2010 ADA Standards for Accessible Design
John C. Huang, Ph.D., PE, LEED AP
The ADA Amendments Act (the ADAAA) has changed the landscape of the Americans with Disabilities Act. This course provides an overview of the Americans with Disabilities Act (ADA) and the ADA Amendments Act, discusses other disability laws and common ADA violations, and reviews the guidelines for accessible design. Through this course, you will understand the purposes of the ADA, why the ADA needed amending, who is covered by the ADAAA, and what the changes will mean to employers, government entities, places of public accommodation, and individuals with disabilities. Whether you are a design professional or a business owner, you will benefit greatly by incorporating the basic principles and core concepts of the ADA, ADAAA and accessible design into your professional practice.
This course includes
a multiple choice quiz at the end, which
is designed to enhance the understanding of the course materials.
which is designed to enhance the understanding of the course materials.
At the conclusion of this course, the student will understand
The course material is contained in the following documents:
1. ADA, ADAAA and 2010 Standards for Accessible Design (PDF, 310 pages, 5.9 MB)
2. Technical Requirement Comparison between the 2010 and the 1991 ADA Standards for Accessible Design (PDF, 39 pages, 0.4 MB, no quiz questions from this document)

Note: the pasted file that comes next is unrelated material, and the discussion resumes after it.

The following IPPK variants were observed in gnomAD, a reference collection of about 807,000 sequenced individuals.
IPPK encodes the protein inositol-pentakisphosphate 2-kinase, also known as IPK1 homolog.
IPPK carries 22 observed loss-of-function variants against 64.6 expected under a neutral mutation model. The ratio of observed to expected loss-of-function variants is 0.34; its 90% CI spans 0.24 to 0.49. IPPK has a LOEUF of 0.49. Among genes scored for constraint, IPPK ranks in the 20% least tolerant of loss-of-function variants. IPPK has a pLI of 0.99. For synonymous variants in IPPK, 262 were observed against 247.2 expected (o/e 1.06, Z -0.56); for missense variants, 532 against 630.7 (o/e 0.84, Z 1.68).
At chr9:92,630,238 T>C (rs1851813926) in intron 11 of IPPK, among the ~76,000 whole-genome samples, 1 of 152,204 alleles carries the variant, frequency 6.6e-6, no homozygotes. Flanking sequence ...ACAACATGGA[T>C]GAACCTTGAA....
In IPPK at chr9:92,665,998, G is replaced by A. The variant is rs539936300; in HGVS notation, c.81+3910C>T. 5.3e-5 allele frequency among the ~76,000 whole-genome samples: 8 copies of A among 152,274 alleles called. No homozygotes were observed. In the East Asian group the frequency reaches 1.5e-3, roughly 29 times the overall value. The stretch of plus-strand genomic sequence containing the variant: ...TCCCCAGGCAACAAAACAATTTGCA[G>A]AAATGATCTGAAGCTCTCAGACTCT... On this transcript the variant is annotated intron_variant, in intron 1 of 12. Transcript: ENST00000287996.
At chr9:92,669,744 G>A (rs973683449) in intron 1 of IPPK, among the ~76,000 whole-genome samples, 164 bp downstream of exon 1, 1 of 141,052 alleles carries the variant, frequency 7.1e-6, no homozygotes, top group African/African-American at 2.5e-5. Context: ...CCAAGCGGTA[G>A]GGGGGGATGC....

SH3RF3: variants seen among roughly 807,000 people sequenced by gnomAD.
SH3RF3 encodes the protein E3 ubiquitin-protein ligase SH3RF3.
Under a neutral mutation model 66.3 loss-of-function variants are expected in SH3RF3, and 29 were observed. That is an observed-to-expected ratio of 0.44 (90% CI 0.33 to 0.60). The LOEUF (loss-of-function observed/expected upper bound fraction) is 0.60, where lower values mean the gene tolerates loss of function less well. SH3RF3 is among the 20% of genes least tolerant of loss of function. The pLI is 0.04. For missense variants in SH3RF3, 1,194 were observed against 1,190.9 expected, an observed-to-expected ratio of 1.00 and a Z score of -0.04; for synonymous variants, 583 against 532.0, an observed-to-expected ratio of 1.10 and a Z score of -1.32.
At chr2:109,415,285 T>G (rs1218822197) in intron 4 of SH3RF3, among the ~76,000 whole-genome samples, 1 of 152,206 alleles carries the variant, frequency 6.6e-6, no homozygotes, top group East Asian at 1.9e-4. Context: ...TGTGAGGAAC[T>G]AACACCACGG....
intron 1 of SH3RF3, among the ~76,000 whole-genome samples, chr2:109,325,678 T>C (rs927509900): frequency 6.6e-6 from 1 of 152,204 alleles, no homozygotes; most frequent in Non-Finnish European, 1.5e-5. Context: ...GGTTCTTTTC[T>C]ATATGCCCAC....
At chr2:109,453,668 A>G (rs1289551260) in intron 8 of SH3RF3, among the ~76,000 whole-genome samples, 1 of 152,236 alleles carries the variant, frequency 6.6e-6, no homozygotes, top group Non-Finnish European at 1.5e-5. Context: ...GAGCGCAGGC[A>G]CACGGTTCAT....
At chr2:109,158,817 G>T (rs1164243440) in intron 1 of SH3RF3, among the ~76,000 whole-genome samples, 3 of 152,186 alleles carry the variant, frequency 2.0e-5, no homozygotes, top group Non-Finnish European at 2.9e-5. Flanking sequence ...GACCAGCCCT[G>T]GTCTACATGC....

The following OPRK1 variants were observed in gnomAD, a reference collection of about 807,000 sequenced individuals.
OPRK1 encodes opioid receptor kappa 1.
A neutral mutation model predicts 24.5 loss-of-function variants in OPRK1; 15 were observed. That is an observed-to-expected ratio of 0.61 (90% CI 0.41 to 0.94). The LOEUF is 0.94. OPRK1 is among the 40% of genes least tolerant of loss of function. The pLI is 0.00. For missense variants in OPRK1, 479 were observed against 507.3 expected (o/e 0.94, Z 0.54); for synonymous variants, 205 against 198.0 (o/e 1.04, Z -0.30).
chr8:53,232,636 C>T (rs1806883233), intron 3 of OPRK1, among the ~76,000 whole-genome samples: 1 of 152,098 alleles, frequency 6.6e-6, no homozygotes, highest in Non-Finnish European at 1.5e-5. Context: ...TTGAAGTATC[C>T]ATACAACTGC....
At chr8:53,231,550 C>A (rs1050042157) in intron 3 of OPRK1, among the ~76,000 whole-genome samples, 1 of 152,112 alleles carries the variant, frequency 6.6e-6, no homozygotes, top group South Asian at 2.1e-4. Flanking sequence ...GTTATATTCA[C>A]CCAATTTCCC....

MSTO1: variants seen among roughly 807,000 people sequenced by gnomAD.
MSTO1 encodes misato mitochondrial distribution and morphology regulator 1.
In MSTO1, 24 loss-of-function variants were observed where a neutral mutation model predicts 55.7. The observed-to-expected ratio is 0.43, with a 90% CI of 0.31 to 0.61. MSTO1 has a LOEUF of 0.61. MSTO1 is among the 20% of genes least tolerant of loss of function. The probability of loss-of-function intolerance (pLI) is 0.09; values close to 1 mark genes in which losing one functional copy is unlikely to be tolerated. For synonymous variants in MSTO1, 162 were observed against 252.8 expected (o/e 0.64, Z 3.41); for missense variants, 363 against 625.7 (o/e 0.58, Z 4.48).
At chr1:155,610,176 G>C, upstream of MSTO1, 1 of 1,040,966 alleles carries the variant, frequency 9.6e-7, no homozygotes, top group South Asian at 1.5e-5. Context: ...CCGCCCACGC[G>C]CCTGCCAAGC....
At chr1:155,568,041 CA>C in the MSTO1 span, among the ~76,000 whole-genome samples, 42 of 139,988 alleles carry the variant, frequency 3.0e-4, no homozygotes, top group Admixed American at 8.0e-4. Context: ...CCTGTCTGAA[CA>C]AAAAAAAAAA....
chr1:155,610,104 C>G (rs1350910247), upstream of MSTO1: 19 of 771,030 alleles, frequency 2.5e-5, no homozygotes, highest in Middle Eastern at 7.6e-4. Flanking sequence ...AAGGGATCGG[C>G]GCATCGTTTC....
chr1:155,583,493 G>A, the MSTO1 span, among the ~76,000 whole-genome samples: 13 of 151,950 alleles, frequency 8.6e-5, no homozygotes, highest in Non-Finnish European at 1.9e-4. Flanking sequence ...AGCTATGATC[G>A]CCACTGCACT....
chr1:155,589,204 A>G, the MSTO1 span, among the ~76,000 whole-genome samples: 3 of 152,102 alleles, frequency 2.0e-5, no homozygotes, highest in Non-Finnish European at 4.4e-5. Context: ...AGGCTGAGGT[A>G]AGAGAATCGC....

Please click on the above underlined hypertext to view, download or print the document for your study. Because of the large file size, we recommend that you first save the file to your computer by right-clicking the mouse and choosing "Save Target As ...", and then open the file in Adobe Acrobat Reader from your computer.
While the ADA has led to marked improvements in many areas of life for people with disabilities, including access to public accommodations and telecommunications technology, access to public buses, and access to government services, there is still a great deal of work to be done. Through this course, you have gained a better understanding about the ADA and ADAAA, and have become familiar with the detailed requirements of the ADA Standards for Accessible Design. Many of the accessible requirements and solutions can be incorporated into your practice, which will improve the quality of your work, reduce your chances of non-compliance, and better protect the health and safety of the general public.
Related LinksFor additional technical information related to this subject, please visit the following websites or web pages: